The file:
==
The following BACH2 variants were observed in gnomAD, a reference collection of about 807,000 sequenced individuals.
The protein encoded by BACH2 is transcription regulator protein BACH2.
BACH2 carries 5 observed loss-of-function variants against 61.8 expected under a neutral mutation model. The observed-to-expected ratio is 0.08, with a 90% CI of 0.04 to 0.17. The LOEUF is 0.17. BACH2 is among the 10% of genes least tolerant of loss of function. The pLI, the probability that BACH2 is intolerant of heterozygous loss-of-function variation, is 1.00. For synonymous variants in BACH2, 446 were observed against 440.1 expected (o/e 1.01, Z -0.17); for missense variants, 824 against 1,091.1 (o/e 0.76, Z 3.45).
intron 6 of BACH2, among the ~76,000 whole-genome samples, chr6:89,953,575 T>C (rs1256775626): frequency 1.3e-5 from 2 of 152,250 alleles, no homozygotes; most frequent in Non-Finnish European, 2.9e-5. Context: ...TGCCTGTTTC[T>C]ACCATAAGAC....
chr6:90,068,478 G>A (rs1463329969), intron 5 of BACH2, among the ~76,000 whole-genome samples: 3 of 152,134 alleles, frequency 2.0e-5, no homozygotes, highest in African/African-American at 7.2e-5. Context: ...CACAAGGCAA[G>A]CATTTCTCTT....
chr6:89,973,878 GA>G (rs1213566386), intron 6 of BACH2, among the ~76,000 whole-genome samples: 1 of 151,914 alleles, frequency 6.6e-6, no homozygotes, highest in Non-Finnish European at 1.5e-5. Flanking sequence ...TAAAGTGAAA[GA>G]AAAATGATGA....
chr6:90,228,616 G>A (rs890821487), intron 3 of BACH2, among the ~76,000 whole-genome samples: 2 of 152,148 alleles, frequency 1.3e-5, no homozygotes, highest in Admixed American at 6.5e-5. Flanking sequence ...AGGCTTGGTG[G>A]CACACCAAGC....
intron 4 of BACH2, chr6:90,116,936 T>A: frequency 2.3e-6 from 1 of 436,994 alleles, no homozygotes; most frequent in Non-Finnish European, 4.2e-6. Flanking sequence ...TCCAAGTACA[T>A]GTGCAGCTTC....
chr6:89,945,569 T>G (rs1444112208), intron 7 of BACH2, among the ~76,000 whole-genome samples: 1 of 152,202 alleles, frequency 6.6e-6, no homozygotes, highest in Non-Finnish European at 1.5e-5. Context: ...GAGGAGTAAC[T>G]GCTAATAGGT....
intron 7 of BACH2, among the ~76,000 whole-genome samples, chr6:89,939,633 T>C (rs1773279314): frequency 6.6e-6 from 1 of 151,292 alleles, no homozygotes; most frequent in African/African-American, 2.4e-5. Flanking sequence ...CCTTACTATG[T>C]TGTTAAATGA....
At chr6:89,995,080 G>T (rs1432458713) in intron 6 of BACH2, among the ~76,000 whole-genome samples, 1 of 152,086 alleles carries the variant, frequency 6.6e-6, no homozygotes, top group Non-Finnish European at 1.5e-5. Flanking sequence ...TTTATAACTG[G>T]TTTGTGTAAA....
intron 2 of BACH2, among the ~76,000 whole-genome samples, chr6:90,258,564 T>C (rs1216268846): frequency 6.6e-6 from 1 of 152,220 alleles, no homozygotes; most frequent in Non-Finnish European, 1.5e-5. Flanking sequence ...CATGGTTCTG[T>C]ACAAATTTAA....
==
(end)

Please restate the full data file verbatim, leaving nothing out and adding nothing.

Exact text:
The following BACH2 variants were observed in gnomAD, a reference collection of about 807,000 sequenced individuals.
The protein encoded by BACH2 is transcription regulator protein BACH2.
BACH2 carries 5 observed loss-of-function variants against 61.8 expected under a neutral mutation model. The observed-to-expected ratio is 0.08, with a 90% CI of 0.04 to 0.17. The LOEUF is 0.17. BACH2 is among the 10% of genes least tolerant of loss of function. The pLI, the probability that BACH2 is intolerant of heterozygous loss-of-function variation, is 1.00. For synonymous variants in BACH2, 446 were observed against 440.1 expected (o/e 1.01, Z -0.17); for missense variants, 824 against 1,091.1 (o/e 0.76, Z 3.45).
intron 6 of BACH2, among the ~76,000 whole-genome samples, chr6:89,953,575 T>C (rs1256775626): frequency 1.3e-5 from 2 of 152,250 alleles, no homozygotes; most frequent in Non-Finnish European, 2.9e-5. Context: ...TGCCTGTTTC[T>C]ACCATAAGAC....
chr6:90,068,478 G>A (rs1463329969), intron 5 of BACH2, among the ~76,000 whole-genome samples: 3 of 152,134 alleles, frequency 2.0e-5, no homozygotes, highest in African/African-American at 7.2e-5. Context: ...CACAAGGCAA[G>A]CATTTCTCTT....
chr6:89,973,878 GA>G (rs1213566386), intron 6 of BACH2, among the ~76,000 whole-genome samples: 1 of 151,914 alleles, frequency 6.6e-6, no homozygotes, highest in Non-Finnish European at 1.5e-5. Flanking sequence ...TAAAGTGAAA[GA>G]AAAATGATGA....
chr6:90,228,616 G>A (rs890821487), intron 3 of BACH2, among the ~76,000 whole-genome samples: 2 of 152,148 alleles, frequency 1.3e-5, no homozygotes, highest in Admixed American at 6.5e-5. Flanking sequence ...AGGCTTGGTG[G>A]CACACCAAGC....
intron 4 of BACH2, chr6:90,116,936 T>A: frequency 2.3e-6 from 1 of 436,994 alleles, no homozygotes; most frequent in Non-Finnish European, 4.2e-6. Flanking sequence ...TCCAAGTACA[T>A]GTGCAGCTTC....
chr6:89,945,569 T>G (rs1444112208), intron 7 of BACH2, among the ~76,000 whole-genome samples: 1 of 152,202 alleles, frequency 6.6e-6, no homozygotes, highest in Non-Finnish European at 1.5e-5. Context: ...GAGGAGTAAC[T>G]GCTAATAGGT....
intron 7 of BACH2, among the ~76,000 whole-genome samples, chr6:89,939,633 T>C (rs1773279314): frequency 6.6e-6 from 1 of 151,292 alleles, no homozygotes; most frequent in African/African-American, 2.4e-5. Flanking sequence ...CCTTACTATG[T>C]TGTTAAATGA....
At chr6:89,995,080 G>T (rs1432458713) in intron 6 of BACH2, among the ~76,000 whole-genome samples, 1 of 152,086 alleles carries the variant, frequency 6.6e-6, no homozygotes, top group Non-Finnish European at 1.5e-5. Flanking sequence ...TTTATAACTG[G>T]TTTGTGTAAA....
intron 2 of BACH2, among the ~76,000 whole-genome samples, chr6:90,258,564 T>C (rs1216268846): frequency 6.6e-6 from 1 of 152,220 alleles, no homozygotes; most frequent in Non-Finnish European, 1.5e-5. Flanking sequence ...CATGGTTCTG[T>C]ACAAATTTAA....